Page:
Researchers and practitioners—including teachers of the deaf, sign language specialists, and early intervention providers—will come together for the 4th International Conference on Sign Language Acquisition. Hosted this year by BU Wheelock College of Education & Human Development, the conference will be held remotely from June 23-25, 2022, with access in American Sign Language (ASL), International Sign (IS), and spoken/written English.
In this Q&A, two of the conference organizers, Anna Lim and Naomi Caselli, both of BU Wheelock, talk about some of the unique opportunities and challenges regarding accessibility presented by this year’s conference. Lim is a doctoral student in the Language & Literacy program specializing in ASL and Deaf Studies. Caselli is an assistant professor in the Deaf Studies program.
BU Wheelock: ICSLA 4 is the largest global conference on sign language acquisition. What is significant about that?
Naomi Caselli: When deaf children are exposed to sign languages from birth, they learn them as effortlessly as any child learns any language. However, the majority of deaf children are born to parents who are hearing, and do not know sign language when their child is born. That means that among the biggest issues deaf children and their families face is not about hearing per se, but about how to increase access to language during early childhood.
This conference will bring together researchers and practitioners to think about how best to support sign language acquisition. We welcome all participants, including, for example, deaf and hard of hearing people who do not have auditory access to English; those who know their region’s sign language but not American Sign Language; those who know ASL but not another sign language; and those who are DeafBlind and do not have access to spoken English or sign language when it is on video and so on.
Q: What are some of the unique issues related to accessibility for an event such as ICSLA 4?
Anna Lim: There is no one sign language that is common to signing folks all over the world—each country having one or more of its own—so preparations have to be made such that the conference is accessible to them, language-wise.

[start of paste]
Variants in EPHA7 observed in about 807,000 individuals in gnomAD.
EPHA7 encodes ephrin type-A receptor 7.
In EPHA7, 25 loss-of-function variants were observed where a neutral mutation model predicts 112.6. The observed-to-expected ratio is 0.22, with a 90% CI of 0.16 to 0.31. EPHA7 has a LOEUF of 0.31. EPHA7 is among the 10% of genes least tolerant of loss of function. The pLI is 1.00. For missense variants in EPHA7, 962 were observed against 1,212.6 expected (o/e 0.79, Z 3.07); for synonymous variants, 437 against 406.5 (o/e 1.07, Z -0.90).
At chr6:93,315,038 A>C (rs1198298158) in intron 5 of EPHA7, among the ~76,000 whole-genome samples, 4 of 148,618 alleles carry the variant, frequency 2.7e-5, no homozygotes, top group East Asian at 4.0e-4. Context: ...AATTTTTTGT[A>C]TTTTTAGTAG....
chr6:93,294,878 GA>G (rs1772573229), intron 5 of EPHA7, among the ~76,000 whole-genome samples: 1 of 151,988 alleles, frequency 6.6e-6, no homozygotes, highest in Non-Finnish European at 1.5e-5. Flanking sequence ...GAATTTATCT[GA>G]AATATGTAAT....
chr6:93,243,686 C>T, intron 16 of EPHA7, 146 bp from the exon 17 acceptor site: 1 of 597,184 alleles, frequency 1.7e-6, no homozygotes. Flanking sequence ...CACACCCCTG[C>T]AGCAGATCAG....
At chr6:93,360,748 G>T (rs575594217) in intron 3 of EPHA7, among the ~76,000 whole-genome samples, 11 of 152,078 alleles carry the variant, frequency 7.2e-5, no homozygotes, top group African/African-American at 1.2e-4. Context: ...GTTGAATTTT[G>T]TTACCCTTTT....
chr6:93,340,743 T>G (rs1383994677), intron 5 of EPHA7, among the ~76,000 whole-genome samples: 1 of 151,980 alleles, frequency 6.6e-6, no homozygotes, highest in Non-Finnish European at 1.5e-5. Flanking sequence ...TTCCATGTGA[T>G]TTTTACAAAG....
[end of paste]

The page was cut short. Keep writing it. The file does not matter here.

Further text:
Caselli: While many international conferences use spoken English as the lingua franca, English is not universally accessible, and many deaf people do not communicate in spoken English. As Anna said, each country has one or more of its own sign languages, and there is not one sign language that is widely known across the world. Together, this means that interpretation is a big part of this conference.
Q: How will the conference address these challenges?
Lim: Our announcement videos, keynotes, presentations, and posters have been interpreted into International Sign, ASL, and spoken English. Q&A sessions, focus groups, and unstructured online gatherings will have live interpreting in IS, ASL, and English.
Caselli: We are working to make everything that happens during the conference accessible in ASL, written and spoken English, and IS. That means we are asking participants to use one of those languages during presentations, questions, and discussions, and translating into all the other conference languages.
International Sign is a contact variety of sign language that is used between people who are fluent in different sign languages and don’t know a common language. It is almost exclusively used at international meetings like this, or in vlogs or other videos that are shared internationally on social media. It is not as conventionalized as regional sign languages like ASL and has a fairly limited vocabulary.
During the live portion of the conference, we will have a team of interpreters (half ASL and half IS) plus live captioners. Wherever possible, we are using deaf interpreters, these are people with specialized training in delivering high quality ASL and IS translations, particularly in high profile settings like this.
Q: What have been some of the challenges conference organizers have faced?
Lim: The time and effort it takes to assure multilingual accessibility means everything must be prepared way ahead of time.
Caselli: Like all things since COVID-19 started, there hasn’t been a real template for how to take a conference like this online. That has allowed us to think creatively about what a multilingual conference could look like and challenged us to prepare to navigate a complex communication dynamic that is new for everyone.
We originally planned for this to be a face-to-face meeting, but when COVID hit we were excited to move the conference to a remote format because it offered the opportunity to think outside the box in terms of accessibility. Real-time interpretation is less accurate than offline interpretation, and so we’ve asked presenters to submit video presentations six weeks in advance of the conference. We have a team of ASL interpreters, IS interpreters, and captioners hard at work translating all those recordings and then editing them together.
Q: What does it mean to have an international sign language conference that is truly international?
Lim: So far, international sign language conferences have come to mean Global North sign language conferences with more representation of researchers from North America and Europe. With ICSLA 4, we are hoping to promote inclusion of deaf researchers and practitioners from the Global South, especially from communities that have historically been largely overlooked.
Caselli: We have learned a lot about accessibility in planning this meeting, and there is lots of room for growth. We have barely scratched the surface of what is possible in terms of making conferences accessible to broad, linguistically diverse, international audiences.